These readings and responses will really be the heart of the course. Read adventurously, and about varied places, in varied published forms, and things from various perspectives. Find readings from footnotes, bibliographies, library reference tools, word of mouth, or browsing though journals like the Journal of the Society of Architectural Historians, Winterthur Portfolio, or Perspectives in Vernacular Architecture (Some tables of contents will be available over the web, but I will also put a list of compiled "tocs" on reserve at Carpenter for you to browse.) Please be considerate of your classmates: try to get things back on the shelves quickly for them to find when you're not actively using them, or let them know what you have on your carrel.
Timing: due immediately at the end of each unit. Each of these must be posted on a Monday (12 Feb., 5 Mar., 2 Apr., 16 Apr., and 30 Apr.). You should then look at at least three of those of your classmates before the next class on a Thursday, and be prepared to participate in discussions based on these.


II. Short Exercises:

Several survey texts on American architecture have been published over recent decades. They present a range of perspectives, but all attempt to illustrate the greater whole of millions of American buildings and landscapes through a few hundred images of a smaller number of places, some of them representative and some extraordinary. The examples illustrated in the different texts nonetheless overlap a good deal, and generally converge in a consensus that can be taken as a certain core group, constituting a roughly agreed-upon body of key examples -- one with which most architects, architectural historians, and historic preservation folks are somewhat conversant, and through which most texts illustrate major themes. It's worth absorbing this pedagogical canon as a shared vocabulary of buildings and as a touchstone for key issues, even as we retain a certain skepticism over the claim of some of these buildings to representative character or extraordinary attention.
Before you begin your reading for each of the five chronological divisions in the course, you should browse the appropriate set of such images in a "consensus canon" that is being built on the web. It starts with the earliest period at Based on the overlap in illustrations in four textbooks, it attempts to give multiple, complementary images for each (to the degree that copyright and availability have allowed so far). At the start of each unit in this course, please look through all the images for that period, getting a fuller sense of each building or place, looking for overall patterns of form among them, and posing questions for yourself to be addressed in your reading and in class.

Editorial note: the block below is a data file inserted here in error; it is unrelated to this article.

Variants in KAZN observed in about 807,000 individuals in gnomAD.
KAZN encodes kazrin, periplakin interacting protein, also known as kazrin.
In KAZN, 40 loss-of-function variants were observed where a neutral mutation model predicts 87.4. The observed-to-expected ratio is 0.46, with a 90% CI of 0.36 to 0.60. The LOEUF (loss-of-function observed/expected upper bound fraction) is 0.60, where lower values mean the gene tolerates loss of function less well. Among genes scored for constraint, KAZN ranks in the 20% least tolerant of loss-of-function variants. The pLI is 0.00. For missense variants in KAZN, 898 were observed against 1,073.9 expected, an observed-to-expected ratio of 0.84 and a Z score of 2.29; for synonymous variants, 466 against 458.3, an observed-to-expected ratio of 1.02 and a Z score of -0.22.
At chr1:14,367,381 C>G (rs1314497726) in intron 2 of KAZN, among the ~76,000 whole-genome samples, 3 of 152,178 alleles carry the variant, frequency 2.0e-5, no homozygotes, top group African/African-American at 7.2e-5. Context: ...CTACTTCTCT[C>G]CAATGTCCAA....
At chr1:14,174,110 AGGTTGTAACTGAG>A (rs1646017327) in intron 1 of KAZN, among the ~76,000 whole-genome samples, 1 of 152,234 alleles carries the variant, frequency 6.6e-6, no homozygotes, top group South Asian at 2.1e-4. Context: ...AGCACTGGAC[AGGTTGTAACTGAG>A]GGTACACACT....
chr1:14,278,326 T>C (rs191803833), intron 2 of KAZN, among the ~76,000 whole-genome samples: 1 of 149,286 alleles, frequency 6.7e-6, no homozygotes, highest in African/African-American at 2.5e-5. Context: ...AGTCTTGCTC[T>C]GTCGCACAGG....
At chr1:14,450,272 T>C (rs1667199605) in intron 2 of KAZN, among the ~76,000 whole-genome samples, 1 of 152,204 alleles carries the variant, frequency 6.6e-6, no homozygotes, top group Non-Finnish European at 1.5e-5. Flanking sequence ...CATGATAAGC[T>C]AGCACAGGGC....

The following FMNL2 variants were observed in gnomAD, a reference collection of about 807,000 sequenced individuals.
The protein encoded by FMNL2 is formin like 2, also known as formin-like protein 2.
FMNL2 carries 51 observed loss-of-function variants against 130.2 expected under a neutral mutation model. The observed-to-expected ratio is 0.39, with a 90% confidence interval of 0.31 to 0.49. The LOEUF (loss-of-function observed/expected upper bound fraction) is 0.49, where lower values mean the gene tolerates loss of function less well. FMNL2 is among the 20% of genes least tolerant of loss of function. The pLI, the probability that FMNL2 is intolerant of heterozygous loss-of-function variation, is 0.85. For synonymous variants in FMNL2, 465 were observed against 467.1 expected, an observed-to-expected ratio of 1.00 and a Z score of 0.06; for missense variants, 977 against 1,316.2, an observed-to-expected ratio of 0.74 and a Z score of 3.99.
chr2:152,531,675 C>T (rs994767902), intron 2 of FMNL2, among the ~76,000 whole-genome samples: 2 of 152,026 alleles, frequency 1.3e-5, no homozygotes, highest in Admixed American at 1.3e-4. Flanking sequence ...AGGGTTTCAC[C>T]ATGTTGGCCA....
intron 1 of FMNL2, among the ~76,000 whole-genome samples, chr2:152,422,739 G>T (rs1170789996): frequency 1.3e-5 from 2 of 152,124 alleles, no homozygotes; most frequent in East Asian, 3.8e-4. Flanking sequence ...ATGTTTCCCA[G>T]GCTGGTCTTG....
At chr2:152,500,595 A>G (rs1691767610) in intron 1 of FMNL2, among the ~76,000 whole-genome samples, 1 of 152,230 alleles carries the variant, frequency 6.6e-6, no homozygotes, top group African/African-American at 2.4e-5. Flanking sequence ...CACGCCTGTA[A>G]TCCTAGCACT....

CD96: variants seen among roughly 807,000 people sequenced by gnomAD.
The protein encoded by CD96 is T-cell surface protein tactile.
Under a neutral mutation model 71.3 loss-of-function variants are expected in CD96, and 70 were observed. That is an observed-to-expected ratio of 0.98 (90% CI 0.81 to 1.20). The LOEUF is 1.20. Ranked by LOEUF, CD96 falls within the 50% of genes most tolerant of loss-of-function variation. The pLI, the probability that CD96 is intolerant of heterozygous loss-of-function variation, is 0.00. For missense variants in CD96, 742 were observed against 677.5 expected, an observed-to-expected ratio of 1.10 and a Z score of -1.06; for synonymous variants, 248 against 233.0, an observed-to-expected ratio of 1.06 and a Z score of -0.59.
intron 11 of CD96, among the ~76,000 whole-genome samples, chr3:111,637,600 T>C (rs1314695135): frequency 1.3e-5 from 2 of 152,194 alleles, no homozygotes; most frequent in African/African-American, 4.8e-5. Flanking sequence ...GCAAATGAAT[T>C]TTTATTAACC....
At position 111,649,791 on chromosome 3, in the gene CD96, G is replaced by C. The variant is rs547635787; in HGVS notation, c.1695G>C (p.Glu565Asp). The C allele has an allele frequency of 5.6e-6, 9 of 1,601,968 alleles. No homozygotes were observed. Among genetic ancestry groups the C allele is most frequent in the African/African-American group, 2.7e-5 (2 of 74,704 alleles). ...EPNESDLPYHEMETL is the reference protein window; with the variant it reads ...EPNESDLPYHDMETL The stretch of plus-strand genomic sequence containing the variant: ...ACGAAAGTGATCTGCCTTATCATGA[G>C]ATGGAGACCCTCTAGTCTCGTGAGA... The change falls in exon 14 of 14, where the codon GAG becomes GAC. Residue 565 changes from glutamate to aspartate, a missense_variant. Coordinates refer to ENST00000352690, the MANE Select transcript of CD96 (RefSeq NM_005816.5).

Timing: do immediately at the start of each unit, beginning roughly on 25 Jan., 12 Feb., 5 Mar., 2 Apr., and 16 Apr., before you begin your survey-text and focused readings.

This semester you'll be encountering architectural spaces depicted in a graphic language of scaled orthographic drawings that you should get used to. To help you get conversant with these, you'll draw a plan. On a single sheet of paper, draw a plan of a part of a building you have access to, including at least a pair of adjoining spaces, one or more windows and doors, and exterior and interior walls. It needn't be precisely to scale or drawn with a straightedge, but try to make it clear in conveying the spaces and their perimeters. Observe the graphic conventions you find in plans in your readings.
Timing: due in class on 8 Feb.

The canon collectively established by the various publications on American architectural history professes to represent in a few hundred examples the pattern of millions of American buildings and spaces. We'll try an exercise of digitizing images of other dated buildings, but relatively obscure ones, as a way of illustrating the dissemination of forms and/or probing that professed relationship.
Each student should take photographs of five buildings that can be securely dated -- datestones are especially good evidence for an exact year (although be careful of inscribed dates of an institution's establishment vs. that of a building). Try to represent a range of periods from the early 19th century to the present. You'll learn how to digitize images from prints or slides (or you may take them with a digital camera) and then to post them on the web along with information on their identity and location. These should be buildings you find in the streets in this area or elsewhere when away, rather than those identified through books; they should be buildings selected by you rather than filtered through their fit with academic criteria. We'll occasionally draw them into our period discussions.
Timing: scan and post images by 22 March.

Architectural criticism is a kind of writing that seeks to weigh new architectural expressions as they emerge, commenting on them and helping shape a dialogue over notions of what is appropriate -- appropriate for the purpose housed but, usually overriding that, as a collective cultural self-portrait, an image of "now" and "us." Find and read two short newspaper or magazine works of criticism on recent works of architecture, say from 1990-2000. Try to discern the values implicit in the judgements made there. Consider whether you find in contemporary American architecture an image that you can identify with, an emblem of a culture of which you feel yourself part, relative to older architecture.